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Meet Arionn Preston, RN, a Nurse with Riverside Behavioral Health Center

May 10, 2022

Our Stories
Arionn Preston

When she was growing up, Arionn Preston wanted to be a lawyer after attending Career Day activities at her school. It wasn’t until a woman that cared for her, who was like a grandma to her became ill, that she fully understood the importance of nursing.

“The idea of wanting to save and care for people started in my heart. From a young age, I can say that I've been empathic to people's situations and curious about why people make the decisions they do. I wanted to be in a field where I could help people, but also have an exciting environment,” she explains.

Early Beginnings

Arionn became interested in working in the Neonatal Intensive Care Unit (NICU) and Pediatrics. While she was at Virginia Commonwealth University working on her pre-nursing track, she went to volunteer at VCU’s Medical Center in the NICU. At first, she loved it -- but then she didn’t. Arionn felt the role was mentally demanding and she decided to continue pursuing her nursing education.

“One of my prerequisites for Nursing was Adolescent Psychology. Once I took that class, I instantly fell in love with pursuing my bachelor’s degree in Psychology along with my associate degree in Nursing. I truly believe psychiatric nursing is my calling,” she shares. Arionn felt she was in the right place to be able to help people with an issue that is very close to her personally.

A Personal Calling

“I struggled with my own mental health, as well as the mental health of the people around me. Mental health issues are taboo in some cultures, and people feel it doesn't exist, or that you can pray it away. I work every day to bring light to the topic,” she says.

Arionn’s college experiences opened her eyes to mental health nursing. Being exposed to people's problems and attempting to understand how people make decisions helped her choose the growing field of mental health nursing.

“My first psychiatric job was at Riverside Behavioral Health Center as a Psychiatric Technician, which I started in 2017. Someone I personally knew referred me to the job. I wasn't sure if I should have taken the job, but I'm glad I did.” Arionn was given a tour on the Acute Adolescent unit and was surrounded by children who were loving, but also struggling. Even now, when she works with adult patients, she feels her work is purposeful.

Since August 2020, Arionn Preston has worked at Riverside Behavioral Health Center in the Adult Intensive Treatment Program (ITP). In this role, Arionn is charge nurse for the unit. Among her many duties, Arionn makes sure the patients and staff are safe, maintains the unit and milieu, and supervises the psychiatric technicians. She also does primary nursing care and assigns nurses to patients, who also administer care to their patients. Arionn attends team treatment meetings and communicates as needed with staff and her assigned patients.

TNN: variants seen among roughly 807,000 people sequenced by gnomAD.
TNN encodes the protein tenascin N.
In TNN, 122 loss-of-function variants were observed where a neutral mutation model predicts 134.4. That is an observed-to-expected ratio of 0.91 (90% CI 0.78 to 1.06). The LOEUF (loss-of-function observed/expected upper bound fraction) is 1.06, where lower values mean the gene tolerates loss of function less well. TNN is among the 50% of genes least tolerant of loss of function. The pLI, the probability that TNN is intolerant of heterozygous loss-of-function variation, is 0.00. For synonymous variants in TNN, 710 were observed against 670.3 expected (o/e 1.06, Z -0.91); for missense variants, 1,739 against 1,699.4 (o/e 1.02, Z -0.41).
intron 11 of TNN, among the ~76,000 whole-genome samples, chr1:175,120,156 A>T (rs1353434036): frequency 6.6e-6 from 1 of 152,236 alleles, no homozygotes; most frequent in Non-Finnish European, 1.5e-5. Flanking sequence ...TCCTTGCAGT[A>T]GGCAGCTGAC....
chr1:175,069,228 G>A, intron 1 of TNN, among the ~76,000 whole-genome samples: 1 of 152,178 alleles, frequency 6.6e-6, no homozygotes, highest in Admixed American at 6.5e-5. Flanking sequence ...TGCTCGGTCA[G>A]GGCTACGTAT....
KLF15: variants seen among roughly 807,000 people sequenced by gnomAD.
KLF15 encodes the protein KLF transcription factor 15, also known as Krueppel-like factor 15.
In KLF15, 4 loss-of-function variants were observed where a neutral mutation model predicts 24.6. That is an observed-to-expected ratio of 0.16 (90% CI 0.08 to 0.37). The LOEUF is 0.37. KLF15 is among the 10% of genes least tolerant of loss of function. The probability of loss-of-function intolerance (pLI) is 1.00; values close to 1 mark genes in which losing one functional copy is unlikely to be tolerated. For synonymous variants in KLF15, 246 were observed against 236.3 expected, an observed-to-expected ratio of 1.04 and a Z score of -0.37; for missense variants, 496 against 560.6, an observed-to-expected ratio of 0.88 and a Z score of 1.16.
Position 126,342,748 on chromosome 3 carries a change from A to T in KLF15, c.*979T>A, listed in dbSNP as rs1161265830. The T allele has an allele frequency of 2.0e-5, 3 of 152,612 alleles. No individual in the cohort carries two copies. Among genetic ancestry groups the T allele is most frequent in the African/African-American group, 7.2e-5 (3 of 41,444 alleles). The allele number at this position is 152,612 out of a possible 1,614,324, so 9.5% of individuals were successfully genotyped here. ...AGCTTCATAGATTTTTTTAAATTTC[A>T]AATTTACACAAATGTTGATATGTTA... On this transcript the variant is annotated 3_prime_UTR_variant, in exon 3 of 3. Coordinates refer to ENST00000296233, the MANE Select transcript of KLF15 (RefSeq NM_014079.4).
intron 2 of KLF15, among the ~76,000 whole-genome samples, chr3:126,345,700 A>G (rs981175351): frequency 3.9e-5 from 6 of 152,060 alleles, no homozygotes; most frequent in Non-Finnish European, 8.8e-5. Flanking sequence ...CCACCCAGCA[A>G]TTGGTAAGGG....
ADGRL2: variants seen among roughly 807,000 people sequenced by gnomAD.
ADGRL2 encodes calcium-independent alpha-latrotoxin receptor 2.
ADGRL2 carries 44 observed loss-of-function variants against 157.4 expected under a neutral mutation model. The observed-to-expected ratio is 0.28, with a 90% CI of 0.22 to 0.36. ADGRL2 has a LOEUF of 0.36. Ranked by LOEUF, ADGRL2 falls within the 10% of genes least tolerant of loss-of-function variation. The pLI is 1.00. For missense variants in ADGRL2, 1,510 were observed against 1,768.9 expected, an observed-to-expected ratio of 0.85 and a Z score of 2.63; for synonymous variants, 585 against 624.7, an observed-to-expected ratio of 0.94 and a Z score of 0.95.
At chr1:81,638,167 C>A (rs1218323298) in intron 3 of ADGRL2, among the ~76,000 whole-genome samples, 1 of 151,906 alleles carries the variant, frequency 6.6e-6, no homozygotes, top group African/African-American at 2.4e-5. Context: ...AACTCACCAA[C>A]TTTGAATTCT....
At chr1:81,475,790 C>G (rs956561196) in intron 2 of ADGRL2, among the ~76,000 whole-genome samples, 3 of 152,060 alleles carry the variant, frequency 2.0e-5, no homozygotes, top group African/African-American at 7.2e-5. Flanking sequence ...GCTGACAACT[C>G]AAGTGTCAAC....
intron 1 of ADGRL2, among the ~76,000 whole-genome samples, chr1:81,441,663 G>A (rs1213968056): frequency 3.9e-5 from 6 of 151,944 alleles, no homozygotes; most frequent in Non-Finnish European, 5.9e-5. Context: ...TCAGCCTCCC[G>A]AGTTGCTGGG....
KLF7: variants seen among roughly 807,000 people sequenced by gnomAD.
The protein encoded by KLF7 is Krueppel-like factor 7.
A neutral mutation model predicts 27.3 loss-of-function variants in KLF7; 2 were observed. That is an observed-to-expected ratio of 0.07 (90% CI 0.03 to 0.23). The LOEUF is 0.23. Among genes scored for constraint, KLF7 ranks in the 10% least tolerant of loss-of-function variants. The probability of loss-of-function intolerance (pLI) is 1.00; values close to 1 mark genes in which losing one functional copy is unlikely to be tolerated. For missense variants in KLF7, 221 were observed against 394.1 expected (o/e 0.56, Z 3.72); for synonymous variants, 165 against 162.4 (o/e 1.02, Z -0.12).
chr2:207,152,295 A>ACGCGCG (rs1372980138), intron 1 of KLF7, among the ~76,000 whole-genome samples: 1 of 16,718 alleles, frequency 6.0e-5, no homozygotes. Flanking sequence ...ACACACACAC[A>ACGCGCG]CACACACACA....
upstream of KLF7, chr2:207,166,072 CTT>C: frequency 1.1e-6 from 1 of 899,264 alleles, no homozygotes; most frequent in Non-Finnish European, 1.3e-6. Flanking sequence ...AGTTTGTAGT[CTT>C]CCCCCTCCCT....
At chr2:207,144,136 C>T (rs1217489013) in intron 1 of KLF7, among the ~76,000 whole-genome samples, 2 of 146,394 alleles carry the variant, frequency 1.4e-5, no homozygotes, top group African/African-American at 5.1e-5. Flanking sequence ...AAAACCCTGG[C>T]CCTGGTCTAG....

Recognizing Nurses Week

When asked what Nurses Week means to her, Arionn shares, “Nurses Week is a time for people to celebrate the field of nursing, no matter what specialty you are in. It's a week to be appreciated in such a hard profession, when not every day is ideal. Discounts are good perks to have, but it’s a lot nicer to receive praise and positive words,” she says.

For Nurses’ Day, Arionn usually honors her staff with a food-related treat that her team will enjoy. “My team really loves food they can eat on the run or while on their break, so I want to thank them with a gift of food to recognize their hard work.”

Arionn says that her favorite aspect of her job is a mixture of the amazing people she works with, and her daily interactions with patients. “The best feeling in the world is seeing someone come into the facility in a completely different state and leave in a far better place than they were when they were admitted,” she says.

Most importantly, Arionn likes to know that the patients in her care feel safe – even if it takes a while to establish that sense of safety.

“I always say that the patients are just like our workers, only in a different situation. Each day, I strive to make each patient's experience comfortable and a situation and environment they will grow from.”

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